Families opt to move their aging loved one or relatives into assisted living — where there is 24-hour access to personal care, as well as nutrition and wellness services designed specifically for older adults. Seniors can enjoy social contact, security and support while still maintaining their independence.

If you’re still on the fence and struggling with the answer, then its down to 2 things: Care & Cost. Notice Care first, it’s only fair to ask, “Will someone else be able to provide the same level of care that I do?” Vista Living Senior Care Arcadia believes we can, and affordably.

We urge you to consider Vista Living Senior Care for your family. Please schedule a tour of one of our purpose built 10-resident Luxury Senior Care Communities in the Phoenix Arcadia area, between Scottsdale & Biltmore. We know we have something special. Let us show you.

For more information please call Vista Living Senior Care at our main line at (602) 456-1919 or email

Arcadia Assisted Living

Vista Living Senior Care Arcadia

Seniors Relying on Friends and Family are in Denial

Seniors Relying on Friends and Family are in Denial

Many of us have seen a senior who is struggling in their home. Some seniors silently believe they have a whole network of support from family and friends.

Daughters may call their mom once a day to inquire if their senior parent is okay OR no answer could mean they fell again and need help.
• Senior falls often lead to dangerous issues including fractured hips
• 911 calls
• skilled nursing care
• physically therapy
• 24/7 care

A son may set up medications in a pillbox for his senior parent, and then call two or three times a day to make sure his parent has taken them.
• This can be effective until the senior gets confused and says “What are these pills for? I don’t want to take them.”
• Not being there in person twice a day to make sure the senior properly ingests the pills can be an issue.

Kind neighbors may make an extra plate of dinner every night and take it to their senior neighbor.
• Neighbors get:
• Frustrated and burned out
• Worried and begin spending more time away from their own family
• This type of support does not last forever

Daughters may spend every other Saturday or Sunday cleaning mom’s house, grocery shopping, and setting up her senior parent to successfully survive for another two weeks.
• No matter how close or how far away the daughter lives, this type of help eventually turns into every Saturday or Sunday. If the daughter works full time, then what?

What is the answer to a senior struggling to manage in their home?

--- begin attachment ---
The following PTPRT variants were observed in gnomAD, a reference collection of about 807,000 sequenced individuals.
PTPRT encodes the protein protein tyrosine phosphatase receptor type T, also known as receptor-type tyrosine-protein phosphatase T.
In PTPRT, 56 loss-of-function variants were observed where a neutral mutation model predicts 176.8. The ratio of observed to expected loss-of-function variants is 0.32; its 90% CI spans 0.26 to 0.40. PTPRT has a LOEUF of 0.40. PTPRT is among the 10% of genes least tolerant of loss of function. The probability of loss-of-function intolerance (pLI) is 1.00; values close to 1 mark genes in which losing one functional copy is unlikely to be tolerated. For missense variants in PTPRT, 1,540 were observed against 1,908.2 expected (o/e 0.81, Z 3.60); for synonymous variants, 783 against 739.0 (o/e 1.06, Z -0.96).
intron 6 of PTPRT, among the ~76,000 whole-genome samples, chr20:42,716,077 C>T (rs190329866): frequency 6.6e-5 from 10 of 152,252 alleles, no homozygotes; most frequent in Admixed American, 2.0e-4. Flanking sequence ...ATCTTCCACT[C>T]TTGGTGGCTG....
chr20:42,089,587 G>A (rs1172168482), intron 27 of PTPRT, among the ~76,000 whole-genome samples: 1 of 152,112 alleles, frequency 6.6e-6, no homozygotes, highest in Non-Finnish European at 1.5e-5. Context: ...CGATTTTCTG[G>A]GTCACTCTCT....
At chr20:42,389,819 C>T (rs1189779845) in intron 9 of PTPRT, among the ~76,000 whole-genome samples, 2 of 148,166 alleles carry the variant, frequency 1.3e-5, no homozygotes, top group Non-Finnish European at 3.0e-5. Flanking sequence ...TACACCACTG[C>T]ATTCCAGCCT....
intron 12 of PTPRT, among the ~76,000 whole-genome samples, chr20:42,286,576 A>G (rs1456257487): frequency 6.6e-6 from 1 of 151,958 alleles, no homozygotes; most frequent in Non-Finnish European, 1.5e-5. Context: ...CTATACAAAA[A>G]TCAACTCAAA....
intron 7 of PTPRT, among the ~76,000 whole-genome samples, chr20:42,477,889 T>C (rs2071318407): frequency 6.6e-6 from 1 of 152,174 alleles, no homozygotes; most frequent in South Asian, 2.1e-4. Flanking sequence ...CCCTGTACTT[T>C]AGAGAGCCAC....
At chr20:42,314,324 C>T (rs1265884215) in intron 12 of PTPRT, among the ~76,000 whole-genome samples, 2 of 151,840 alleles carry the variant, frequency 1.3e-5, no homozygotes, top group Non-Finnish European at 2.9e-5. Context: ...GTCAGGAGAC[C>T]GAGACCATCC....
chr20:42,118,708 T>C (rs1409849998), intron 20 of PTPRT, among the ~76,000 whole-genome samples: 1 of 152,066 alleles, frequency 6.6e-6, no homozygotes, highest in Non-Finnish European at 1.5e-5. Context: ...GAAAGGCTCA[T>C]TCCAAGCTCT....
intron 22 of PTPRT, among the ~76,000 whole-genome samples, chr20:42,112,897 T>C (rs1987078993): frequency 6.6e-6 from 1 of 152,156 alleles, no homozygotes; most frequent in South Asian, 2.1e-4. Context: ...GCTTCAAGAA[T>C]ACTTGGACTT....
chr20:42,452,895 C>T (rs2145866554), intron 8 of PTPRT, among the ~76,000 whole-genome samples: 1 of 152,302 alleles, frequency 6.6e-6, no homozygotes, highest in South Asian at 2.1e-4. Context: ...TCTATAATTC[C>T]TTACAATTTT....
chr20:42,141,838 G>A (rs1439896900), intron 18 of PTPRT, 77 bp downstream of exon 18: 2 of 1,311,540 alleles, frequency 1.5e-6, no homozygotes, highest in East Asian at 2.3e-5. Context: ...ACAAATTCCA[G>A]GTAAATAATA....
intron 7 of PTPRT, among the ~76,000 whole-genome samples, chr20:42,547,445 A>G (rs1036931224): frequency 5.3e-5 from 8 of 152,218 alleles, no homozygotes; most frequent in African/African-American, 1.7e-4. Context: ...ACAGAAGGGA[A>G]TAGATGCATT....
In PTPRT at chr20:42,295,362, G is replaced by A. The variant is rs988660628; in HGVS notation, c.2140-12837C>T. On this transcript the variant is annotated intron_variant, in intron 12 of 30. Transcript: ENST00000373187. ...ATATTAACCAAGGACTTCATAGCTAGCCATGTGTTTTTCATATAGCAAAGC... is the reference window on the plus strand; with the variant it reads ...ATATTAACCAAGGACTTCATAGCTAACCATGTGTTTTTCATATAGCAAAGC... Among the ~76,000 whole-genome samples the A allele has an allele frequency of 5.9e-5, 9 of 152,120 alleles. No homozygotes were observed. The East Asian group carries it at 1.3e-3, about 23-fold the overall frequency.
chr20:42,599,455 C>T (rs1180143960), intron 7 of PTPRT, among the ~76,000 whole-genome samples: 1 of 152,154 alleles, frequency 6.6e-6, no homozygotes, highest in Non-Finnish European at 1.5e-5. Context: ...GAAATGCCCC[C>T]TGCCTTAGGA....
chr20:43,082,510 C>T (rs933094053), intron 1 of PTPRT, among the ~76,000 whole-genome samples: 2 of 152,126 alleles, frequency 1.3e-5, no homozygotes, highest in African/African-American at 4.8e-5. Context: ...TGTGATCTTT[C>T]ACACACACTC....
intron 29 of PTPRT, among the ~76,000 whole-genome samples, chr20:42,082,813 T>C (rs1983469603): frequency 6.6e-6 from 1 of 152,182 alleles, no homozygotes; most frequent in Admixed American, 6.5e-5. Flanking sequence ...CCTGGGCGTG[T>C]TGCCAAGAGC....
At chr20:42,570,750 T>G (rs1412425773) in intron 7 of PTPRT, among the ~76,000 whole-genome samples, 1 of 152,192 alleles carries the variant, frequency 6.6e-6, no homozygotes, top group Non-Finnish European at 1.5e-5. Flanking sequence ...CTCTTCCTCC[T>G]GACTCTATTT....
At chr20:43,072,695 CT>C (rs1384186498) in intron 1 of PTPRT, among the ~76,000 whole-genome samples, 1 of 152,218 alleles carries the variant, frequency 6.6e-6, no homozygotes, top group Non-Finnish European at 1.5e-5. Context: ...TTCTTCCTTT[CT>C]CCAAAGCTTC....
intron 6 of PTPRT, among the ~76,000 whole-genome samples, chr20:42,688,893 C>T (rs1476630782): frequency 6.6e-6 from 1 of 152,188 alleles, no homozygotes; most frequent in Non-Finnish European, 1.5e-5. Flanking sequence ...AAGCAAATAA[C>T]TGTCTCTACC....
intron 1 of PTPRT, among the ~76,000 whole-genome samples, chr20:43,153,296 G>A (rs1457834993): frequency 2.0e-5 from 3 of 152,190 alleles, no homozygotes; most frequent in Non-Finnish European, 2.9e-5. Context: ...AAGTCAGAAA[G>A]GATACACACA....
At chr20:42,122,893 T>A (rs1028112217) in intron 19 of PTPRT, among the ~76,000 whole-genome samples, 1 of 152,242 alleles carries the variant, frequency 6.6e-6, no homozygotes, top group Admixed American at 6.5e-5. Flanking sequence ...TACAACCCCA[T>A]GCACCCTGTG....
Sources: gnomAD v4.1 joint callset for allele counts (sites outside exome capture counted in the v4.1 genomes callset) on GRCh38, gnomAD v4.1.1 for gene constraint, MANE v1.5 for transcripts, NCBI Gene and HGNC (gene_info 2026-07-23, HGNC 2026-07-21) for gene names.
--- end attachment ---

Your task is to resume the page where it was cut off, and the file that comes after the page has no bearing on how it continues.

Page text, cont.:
It starts with patience and persistence. As soon as the struggle becomes apparent it is time to start a discussion. You may focus on how the current home is an injury trap, or worse for the elderly, but sooner or later its time to have “The Talk”. Knowing what to expect may make it a bit easier to prepare.

There are five typical results in having “The Talk” with a senior:
1. Denial: “I am just fine living in my own home. I am not ready yet.”
2. Shutting down: “I don’t want to discuss this.”
3. Anger: “Why are you questioning my ability to be independent? Leave me alone.”
4. Confusion: “Don’t you want to come see me everyday? I don’t understand.”
5. Acceptance: “I understand that I have become a burden. Maybe it’s time to look at what my senior housing options could be. I am tired of being lonely. Will you help me look?”

Vista Living Senior Care is located in the Phoenix Arcadia area, between Scottsdale and Biltmore, and our team has helped seniors improve the quality of their life by making our purpose built, 10-resident luxury assisted living homes something special.

No one ever chooses memory care or skilled nursing, but those may be the only options for many seniors who waited too long and ended up in a health care crisis needing 24/7 care and can never return home. We are part of your team, a team working hard to provide a high level of senior care, at an affordable price, in an enriching environment.

We urge you to consider Vista Living Senior Care Arcadia for your family. Please schedule a tour of one of our purpose built 10-resident Luxury Senior Care Communities in the Phoenix Arcadia area. We know we have something special. Let us show you.

For more information please call Vista Living Senior Care at our main line at (602) 456-1919 or email and subscribe.

Top 9 Signs That It’s Time For Assisted Living

Top 9 Signs That It’s Time For Assisted Living

It’s not easy to bear the burden of having to move your elderly loved one into an assisted living facility. It’s especially more challenging when they are used to living on their own and is not too fond of the idea of moving to another facility

However, there may come a time when your loved one will need assistance in doing everyday activities and when this happens, you may need to start making all the necessary arrangements. But the question is: how will you know when it’s time to transfer your loved one to an assisted living facility?